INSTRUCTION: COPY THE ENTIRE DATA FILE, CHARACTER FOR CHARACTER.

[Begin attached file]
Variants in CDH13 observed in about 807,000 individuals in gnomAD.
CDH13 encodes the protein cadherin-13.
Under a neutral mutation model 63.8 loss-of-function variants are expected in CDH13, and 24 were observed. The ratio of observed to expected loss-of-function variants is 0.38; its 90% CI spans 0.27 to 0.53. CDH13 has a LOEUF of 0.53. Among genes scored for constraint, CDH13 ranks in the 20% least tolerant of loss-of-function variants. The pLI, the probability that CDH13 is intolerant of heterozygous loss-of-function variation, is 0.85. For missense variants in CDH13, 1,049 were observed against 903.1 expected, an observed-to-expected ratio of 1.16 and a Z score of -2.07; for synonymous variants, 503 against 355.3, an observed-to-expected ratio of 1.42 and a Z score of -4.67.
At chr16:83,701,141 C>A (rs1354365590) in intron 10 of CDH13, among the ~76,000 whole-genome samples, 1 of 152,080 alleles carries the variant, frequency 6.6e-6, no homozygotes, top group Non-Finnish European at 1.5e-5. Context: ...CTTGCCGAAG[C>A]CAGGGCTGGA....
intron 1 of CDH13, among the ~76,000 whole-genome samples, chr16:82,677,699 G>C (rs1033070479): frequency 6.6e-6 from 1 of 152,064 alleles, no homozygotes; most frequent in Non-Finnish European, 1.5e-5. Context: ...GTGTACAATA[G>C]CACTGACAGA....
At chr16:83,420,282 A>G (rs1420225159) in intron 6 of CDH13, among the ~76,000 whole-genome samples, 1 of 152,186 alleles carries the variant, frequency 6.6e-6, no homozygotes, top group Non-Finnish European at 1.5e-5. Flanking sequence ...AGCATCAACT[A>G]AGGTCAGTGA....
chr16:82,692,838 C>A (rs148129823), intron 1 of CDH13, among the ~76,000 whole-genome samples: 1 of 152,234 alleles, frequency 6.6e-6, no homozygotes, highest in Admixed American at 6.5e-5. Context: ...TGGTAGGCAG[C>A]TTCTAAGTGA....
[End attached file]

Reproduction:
Variants in CDH13 observed in about 807,000 individuals in gnomAD.
CDH13 encodes the protein cadherin-13.
Under a neutral mutation model 63.8 loss-of-function variants are expected in CDH13, and 24 were observed. The ratio of observed to expected loss-of-function variants is 0.38; its 90% CI spans 0.27 to 0.53. CDH13 has a LOEUF of 0.53. Among genes scored for constraint, CDH13 ranks in the 20% least tolerant of loss-of-function variants. The pLI, the probability that CDH13 is intolerant of heterozygous loss-of-function variation, is 0.85. For missense variants in CDH13, 1,049 were observed against 903.1 expected, an observed-to-expected ratio of 1.16 and a Z score of -2.07; for synonymous variants, 503 against 355.3, an observed-to-expected ratio of 1.42 and a Z score of -4.67.
At chr16:83,701,141 C>A (rs1354365590) in intron 10 of CDH13, among the ~76,000 whole-genome samples, 1 of 152,080 alleles carries the variant, frequency 6.6e-6, no homozygotes, top group Non-Finnish European at 1.5e-5. Context: ...CTTGCCGAAG[C>A]CAGGGCTGGA....
intron 1 of CDH13, among the ~76,000 whole-genome samples, chr16:82,677,699 G>C (rs1033070479): frequency 6.6e-6 from 1 of 152,064 alleles, no homozygotes; most frequent in Non-Finnish European, 1.5e-5. Context: ...GTGTACAATA[G>C]CACTGACAGA....
At chr16:83,420,282 A>G (rs1420225159) in intron 6 of CDH13, among the ~76,000 whole-genome samples, 1 of 152,186 alleles carries the variant, frequency 6.6e-6, no homozygotes, top group Non-Finnish European at 1.5e-5. Flanking sequence ...AGCATCAACT[A>G]AGGTCAGTGA....
chr16:82,692,838 C>A (rs148129823), intron 1 of CDH13, among the ~76,000 whole-genome samples: 1 of 152,234 alleles, frequency 6.6e-6, no homozygotes, highest in Admixed American at 6.5e-5. Context: ...TGGTAGGCAG[C>A]TTCTAAGTGA....